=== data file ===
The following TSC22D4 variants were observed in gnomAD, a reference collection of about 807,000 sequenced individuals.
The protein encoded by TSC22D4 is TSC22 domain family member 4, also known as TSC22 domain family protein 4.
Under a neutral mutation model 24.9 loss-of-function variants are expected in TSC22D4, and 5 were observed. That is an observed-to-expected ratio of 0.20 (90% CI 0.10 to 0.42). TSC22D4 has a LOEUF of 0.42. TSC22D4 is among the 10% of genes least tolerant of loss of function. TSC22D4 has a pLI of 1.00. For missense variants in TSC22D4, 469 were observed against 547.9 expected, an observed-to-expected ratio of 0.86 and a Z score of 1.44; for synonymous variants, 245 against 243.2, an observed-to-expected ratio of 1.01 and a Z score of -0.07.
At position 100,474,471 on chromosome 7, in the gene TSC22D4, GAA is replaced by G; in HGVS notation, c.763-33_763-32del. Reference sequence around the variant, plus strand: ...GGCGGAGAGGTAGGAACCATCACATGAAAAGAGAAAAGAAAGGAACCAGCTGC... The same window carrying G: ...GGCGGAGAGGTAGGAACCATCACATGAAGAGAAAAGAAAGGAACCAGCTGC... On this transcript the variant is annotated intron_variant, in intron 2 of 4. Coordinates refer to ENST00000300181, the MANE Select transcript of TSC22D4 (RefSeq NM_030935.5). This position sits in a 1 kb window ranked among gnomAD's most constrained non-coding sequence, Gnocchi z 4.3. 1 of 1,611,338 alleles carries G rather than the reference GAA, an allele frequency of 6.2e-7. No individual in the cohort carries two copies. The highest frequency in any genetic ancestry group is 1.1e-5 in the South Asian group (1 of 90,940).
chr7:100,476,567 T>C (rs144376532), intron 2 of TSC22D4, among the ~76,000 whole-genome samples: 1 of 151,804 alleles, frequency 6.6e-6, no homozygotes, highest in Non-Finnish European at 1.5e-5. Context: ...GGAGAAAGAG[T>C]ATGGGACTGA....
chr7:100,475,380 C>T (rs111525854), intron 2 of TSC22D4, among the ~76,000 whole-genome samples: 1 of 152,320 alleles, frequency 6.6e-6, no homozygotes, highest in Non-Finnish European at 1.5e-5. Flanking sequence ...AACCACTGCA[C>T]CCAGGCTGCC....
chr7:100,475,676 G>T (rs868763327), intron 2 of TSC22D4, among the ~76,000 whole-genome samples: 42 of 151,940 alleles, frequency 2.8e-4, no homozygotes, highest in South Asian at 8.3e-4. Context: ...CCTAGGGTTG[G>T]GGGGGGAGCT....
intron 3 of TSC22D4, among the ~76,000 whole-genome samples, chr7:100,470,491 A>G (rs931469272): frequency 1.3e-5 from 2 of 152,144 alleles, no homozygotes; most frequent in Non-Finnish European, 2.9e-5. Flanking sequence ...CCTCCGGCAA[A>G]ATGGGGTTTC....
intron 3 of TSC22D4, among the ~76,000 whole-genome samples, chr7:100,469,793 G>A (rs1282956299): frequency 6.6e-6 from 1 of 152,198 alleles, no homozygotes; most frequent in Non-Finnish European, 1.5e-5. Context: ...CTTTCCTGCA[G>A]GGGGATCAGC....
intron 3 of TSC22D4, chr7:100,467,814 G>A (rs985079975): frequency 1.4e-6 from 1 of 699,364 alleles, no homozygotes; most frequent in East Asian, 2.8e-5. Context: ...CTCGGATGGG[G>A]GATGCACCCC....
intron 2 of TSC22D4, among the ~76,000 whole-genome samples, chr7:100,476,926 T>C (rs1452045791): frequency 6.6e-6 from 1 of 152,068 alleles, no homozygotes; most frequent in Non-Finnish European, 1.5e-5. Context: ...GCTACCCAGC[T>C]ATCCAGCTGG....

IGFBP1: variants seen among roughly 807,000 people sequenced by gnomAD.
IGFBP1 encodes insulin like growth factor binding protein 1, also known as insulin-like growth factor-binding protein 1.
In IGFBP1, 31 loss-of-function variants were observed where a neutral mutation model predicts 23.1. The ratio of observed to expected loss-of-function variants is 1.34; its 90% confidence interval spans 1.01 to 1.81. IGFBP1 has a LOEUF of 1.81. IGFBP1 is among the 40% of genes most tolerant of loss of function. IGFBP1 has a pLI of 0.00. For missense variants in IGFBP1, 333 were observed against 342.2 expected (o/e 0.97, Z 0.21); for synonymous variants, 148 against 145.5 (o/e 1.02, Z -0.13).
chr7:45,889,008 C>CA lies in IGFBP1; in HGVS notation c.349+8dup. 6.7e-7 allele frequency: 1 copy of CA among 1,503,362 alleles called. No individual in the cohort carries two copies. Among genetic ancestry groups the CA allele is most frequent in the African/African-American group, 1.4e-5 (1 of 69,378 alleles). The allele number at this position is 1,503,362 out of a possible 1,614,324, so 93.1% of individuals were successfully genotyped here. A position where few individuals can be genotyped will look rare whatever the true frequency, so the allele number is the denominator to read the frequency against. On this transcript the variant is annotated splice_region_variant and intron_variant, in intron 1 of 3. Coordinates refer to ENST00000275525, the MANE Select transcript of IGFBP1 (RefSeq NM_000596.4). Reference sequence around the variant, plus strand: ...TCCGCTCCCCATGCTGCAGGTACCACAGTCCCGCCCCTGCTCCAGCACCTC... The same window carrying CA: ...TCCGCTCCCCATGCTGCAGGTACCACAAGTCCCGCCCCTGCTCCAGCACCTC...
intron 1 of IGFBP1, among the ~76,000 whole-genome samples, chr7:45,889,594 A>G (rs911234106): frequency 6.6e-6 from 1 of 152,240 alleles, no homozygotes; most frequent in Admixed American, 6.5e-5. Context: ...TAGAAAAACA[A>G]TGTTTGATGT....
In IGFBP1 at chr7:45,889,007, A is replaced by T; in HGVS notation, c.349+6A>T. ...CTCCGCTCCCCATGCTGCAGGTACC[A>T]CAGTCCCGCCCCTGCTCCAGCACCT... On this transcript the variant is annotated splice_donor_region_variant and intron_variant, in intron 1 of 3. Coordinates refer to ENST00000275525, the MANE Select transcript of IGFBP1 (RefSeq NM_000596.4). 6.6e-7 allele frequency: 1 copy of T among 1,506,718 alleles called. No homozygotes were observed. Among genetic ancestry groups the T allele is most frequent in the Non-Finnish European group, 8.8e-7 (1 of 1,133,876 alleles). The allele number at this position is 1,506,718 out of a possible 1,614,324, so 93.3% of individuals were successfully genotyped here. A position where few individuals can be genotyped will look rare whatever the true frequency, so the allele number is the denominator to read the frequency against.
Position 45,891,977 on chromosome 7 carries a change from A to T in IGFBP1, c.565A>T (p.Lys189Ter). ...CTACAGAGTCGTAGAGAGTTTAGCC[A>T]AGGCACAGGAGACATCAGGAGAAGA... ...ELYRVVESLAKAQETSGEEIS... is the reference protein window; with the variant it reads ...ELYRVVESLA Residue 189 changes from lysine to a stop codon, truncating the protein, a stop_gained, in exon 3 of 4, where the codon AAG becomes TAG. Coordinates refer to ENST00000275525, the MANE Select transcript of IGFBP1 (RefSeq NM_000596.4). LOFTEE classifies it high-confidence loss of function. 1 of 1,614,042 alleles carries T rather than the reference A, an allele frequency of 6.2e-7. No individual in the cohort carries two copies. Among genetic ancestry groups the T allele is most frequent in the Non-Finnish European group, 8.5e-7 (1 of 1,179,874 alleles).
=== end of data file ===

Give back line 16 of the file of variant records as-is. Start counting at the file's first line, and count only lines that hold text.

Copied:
intron 1 of IGFBP1, among the ~76,000 whole-genome samples, chr7:45,889,594 A>G (rs911234106): frequency 6.6e-6 from 1 of 152,240 alleles, no homozygotes; most frequent in Admixed American, 6.5e-5. Context: ...TAGAAAAACA[A>G]TGTTTGATGT....